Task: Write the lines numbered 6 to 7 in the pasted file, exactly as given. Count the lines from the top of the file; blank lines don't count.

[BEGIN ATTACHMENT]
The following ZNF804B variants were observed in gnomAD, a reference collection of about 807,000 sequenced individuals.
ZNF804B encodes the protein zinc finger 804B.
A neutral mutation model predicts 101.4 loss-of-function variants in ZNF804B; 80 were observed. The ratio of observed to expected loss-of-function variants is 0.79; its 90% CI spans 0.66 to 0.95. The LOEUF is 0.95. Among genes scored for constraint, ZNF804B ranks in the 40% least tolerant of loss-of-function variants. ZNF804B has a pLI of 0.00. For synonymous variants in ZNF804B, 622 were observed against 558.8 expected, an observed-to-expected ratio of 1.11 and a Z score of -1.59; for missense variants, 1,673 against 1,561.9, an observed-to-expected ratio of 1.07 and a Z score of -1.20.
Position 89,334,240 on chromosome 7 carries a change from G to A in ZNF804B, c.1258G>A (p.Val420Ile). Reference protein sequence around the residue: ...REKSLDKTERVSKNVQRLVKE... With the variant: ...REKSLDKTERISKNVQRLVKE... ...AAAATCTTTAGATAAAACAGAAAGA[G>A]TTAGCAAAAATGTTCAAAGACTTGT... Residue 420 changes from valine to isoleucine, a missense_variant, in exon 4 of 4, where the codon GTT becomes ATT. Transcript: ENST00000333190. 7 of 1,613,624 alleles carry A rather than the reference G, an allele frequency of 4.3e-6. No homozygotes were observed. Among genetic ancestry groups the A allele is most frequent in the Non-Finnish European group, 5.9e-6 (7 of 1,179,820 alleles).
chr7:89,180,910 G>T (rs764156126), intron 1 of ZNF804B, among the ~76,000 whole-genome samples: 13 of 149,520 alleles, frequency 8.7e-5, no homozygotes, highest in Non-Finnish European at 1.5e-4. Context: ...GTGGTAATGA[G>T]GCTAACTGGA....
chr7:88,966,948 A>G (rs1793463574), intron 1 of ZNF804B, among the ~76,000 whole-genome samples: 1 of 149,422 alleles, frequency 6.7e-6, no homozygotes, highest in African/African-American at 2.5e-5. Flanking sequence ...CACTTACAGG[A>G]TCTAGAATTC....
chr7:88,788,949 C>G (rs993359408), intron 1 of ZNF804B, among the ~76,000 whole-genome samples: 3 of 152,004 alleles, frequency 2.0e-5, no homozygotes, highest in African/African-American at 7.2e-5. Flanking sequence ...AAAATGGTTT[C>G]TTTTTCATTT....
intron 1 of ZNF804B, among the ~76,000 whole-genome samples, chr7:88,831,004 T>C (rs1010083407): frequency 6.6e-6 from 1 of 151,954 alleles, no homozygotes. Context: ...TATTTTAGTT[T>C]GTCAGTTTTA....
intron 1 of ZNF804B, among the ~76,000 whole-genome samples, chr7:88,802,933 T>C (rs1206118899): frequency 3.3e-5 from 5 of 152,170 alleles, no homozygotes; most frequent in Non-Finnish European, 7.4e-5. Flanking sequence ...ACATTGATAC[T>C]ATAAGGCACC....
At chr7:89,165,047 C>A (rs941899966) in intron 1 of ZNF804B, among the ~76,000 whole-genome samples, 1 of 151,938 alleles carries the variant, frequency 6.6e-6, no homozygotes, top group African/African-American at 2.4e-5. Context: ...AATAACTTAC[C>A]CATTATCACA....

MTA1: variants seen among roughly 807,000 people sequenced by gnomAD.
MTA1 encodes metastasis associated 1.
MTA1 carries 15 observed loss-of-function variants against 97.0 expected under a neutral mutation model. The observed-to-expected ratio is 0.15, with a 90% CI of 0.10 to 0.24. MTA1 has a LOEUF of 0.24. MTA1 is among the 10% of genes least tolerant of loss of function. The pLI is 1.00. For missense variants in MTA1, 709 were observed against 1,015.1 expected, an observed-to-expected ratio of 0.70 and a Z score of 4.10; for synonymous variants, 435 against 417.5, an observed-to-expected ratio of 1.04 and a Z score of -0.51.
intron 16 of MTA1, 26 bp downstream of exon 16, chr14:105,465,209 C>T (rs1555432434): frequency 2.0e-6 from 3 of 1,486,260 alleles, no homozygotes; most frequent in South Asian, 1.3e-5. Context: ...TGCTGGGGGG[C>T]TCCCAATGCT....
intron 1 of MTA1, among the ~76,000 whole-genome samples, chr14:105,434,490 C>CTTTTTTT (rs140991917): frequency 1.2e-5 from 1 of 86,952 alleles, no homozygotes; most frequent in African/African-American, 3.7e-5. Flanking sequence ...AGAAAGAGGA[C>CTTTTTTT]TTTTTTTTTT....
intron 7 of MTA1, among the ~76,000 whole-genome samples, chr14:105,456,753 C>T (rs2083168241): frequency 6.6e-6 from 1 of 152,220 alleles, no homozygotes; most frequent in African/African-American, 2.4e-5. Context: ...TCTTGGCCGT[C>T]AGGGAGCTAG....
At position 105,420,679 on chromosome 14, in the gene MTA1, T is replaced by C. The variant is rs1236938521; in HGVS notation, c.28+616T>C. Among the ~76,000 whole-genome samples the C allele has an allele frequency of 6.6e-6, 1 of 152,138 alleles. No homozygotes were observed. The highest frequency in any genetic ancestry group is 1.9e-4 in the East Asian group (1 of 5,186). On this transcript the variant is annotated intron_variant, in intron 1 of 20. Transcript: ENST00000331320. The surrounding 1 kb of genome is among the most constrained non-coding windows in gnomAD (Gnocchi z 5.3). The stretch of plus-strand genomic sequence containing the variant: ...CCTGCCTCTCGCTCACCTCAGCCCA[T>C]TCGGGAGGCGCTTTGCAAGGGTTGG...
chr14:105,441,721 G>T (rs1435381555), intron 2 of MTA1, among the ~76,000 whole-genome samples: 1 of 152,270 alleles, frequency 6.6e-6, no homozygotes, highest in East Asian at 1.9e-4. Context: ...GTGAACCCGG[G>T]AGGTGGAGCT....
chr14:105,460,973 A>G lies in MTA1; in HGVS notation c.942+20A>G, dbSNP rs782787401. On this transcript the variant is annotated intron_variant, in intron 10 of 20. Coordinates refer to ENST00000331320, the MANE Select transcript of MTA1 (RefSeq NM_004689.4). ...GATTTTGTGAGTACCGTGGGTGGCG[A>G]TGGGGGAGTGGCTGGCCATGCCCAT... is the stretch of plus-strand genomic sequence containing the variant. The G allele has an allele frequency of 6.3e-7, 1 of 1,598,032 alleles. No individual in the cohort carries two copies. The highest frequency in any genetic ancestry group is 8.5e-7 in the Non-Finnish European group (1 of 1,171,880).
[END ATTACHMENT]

chr7:88,966,948 A>G (rs1793463574), intron 1 of ZNF804B, among the ~76,000 whole-genome samples: 1 of 149,422 alleles, frequency 6.7e-6, no homozygotes, highest in African/African-American at 2.5e-5. Flanking sequence ...CACTTACAGG[A>G]TCTAGAATTC....
chr7:88,788,949 C>G (rs993359408), intron 1 of ZNF804B, among the ~76,000 whole-genome samples: 3 of 152,004 alleles, frequency 2.0e-5, no homozygotes, highest in African/African-American at 7.2e-5. Flanking sequence ...AAAATGGTTT[C>G]TTTTTCATTT....